Friday, 6 June 2014

Theatre review: A Midsummer Night's Dream (Deafinitely Theatre / Globe to Globe)

Deafinitely Theatre first came to Shakespeare's Globe for the original 2012 Globe to Globe season, contributing British Sign Language as one of the many languages the canon was performed in. Love's Labour's Lost was a bit of a wordy choice of comedy to have performed silently, but the company's been invited back this year to produce a new show, and A Midsummer Night's Dream is an infintely sillier play with plenty of opportunities for physical comedy. In addition, there's more here now for people who don't know BSL: The popularity of their first Globe vist led Deafinitely to broaden their scope, from a deaf theatre for deaf audiences, to a deaf theatre for all audiences. So as well as the scene synopses on screens, we now also get a bit of Shakespeare's original text. The cast now includes the odd hearing actor, like Anna-Maria Nabirye, who was a standout in the 2013 Faction season, and here plays a fairy who, along with Alim Jayda's Puck, translates back into English some of the more crucial dialogue.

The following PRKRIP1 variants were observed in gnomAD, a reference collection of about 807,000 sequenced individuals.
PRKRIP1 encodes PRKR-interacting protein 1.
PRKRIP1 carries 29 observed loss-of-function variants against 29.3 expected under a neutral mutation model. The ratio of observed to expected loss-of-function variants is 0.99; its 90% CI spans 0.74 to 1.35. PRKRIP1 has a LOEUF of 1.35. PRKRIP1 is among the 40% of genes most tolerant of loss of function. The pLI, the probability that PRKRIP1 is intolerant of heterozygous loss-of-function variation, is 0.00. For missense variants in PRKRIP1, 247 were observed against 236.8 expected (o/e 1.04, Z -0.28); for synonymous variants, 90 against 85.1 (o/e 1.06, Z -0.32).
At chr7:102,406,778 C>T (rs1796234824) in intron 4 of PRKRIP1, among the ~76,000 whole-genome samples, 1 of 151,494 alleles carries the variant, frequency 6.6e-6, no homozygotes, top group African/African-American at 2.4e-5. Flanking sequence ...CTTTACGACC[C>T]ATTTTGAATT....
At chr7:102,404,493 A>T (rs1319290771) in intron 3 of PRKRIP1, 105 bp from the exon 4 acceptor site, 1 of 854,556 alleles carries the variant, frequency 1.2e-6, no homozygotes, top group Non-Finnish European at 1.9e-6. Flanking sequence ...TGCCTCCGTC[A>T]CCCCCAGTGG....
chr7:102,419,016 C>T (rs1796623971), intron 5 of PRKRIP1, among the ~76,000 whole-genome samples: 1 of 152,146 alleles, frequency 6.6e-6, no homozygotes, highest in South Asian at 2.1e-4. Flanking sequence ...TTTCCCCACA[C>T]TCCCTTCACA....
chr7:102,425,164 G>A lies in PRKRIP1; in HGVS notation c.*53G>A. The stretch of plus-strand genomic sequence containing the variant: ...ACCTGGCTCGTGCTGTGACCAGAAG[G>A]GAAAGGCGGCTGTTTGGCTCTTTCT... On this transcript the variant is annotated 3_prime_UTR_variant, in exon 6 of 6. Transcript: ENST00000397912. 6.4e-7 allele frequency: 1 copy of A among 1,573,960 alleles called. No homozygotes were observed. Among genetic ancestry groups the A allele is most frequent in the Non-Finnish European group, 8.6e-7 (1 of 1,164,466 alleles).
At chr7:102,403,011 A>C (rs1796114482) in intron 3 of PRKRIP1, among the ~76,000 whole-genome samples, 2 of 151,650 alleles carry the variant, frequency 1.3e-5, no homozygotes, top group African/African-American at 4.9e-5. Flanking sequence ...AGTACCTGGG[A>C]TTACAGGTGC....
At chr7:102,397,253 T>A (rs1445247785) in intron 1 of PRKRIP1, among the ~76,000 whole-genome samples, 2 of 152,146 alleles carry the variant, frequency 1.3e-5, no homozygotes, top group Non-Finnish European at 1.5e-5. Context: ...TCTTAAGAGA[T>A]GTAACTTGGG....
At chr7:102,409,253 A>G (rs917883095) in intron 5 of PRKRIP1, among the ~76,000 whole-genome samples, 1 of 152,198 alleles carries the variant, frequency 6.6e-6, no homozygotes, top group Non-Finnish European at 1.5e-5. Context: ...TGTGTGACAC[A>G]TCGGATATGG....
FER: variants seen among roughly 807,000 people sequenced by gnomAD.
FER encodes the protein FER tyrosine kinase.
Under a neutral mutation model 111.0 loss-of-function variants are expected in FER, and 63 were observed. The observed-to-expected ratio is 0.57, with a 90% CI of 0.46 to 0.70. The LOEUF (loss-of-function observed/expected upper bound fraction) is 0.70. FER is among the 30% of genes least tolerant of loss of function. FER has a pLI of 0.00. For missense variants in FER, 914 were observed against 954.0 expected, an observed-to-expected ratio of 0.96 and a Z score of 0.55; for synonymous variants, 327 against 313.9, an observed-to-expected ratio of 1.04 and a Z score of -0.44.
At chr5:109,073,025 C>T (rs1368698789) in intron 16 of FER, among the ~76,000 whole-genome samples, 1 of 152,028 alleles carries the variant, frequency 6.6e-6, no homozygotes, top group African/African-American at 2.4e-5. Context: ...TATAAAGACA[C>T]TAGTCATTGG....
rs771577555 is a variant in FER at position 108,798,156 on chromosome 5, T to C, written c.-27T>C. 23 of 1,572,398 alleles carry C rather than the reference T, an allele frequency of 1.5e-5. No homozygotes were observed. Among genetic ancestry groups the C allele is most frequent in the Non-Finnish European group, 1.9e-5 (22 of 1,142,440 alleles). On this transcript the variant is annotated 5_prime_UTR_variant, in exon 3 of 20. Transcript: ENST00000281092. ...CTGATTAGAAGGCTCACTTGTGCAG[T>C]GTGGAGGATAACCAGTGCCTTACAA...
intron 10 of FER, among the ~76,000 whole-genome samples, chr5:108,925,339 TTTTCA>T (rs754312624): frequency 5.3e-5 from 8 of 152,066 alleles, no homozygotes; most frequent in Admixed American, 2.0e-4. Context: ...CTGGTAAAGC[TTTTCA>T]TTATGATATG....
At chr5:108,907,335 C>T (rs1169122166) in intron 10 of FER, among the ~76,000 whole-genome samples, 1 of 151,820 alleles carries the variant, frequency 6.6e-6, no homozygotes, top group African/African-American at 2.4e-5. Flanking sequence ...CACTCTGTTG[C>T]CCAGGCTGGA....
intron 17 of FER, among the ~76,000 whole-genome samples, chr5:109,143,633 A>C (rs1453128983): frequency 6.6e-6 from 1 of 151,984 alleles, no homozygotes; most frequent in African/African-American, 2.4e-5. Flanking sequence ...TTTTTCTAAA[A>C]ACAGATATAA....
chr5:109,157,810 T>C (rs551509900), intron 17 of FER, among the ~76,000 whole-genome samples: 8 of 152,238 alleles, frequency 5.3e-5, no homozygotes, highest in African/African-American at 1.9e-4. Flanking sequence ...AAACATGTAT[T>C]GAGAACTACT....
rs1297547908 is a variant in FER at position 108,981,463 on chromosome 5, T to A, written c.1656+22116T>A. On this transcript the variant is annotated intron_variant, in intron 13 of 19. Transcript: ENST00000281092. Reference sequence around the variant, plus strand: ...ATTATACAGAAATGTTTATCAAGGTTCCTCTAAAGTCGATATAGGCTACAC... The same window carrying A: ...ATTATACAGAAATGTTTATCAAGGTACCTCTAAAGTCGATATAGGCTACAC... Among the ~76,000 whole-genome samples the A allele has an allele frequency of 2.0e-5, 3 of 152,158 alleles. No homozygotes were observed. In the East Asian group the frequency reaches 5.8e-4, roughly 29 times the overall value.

There's a suggestion of a high concept in turning Theseus (Ace Mahbaz) into the CEO of a bank, and Hippolyta (Nadia Nadarajah) his opposite number in a rival bank he's just taken over, and fallen in love with her in the process. Whatever the setting, the course of true love is still meddled with by fairies, and Bottom (David Sands) still ends up with an ass' head. This transposition to a modern corporate environment doesn't really have a huge impact, but it's worth it for a lovely gag involving an identity tag.


The mix of spoken English and BSL is most experimented with in the scenes with the rude mechanicals (now middle management.) Peter Quince (Ralph Bogard) isn't deaf, and a running joke sees Bottom make fun of his clumsy sign language; while a play-within-a-play featuring a lion is apt to hit a problem when the actors can't hear it roar. It's always a likeable evening, but A Midsummer Night's Dream often steps up a gear for the climactic Pyramus and Thisbe scene, and so too does this, the visual form of communication turning into a very funny finale of physical comedy.

A Midsummer Night's Dream by William Shakespeare in a version by Deafinitely Theatre is booking in repertory until the 7th of June at Shakespeare's Globe.

Running time: 2 hours 30 minutes including interval.

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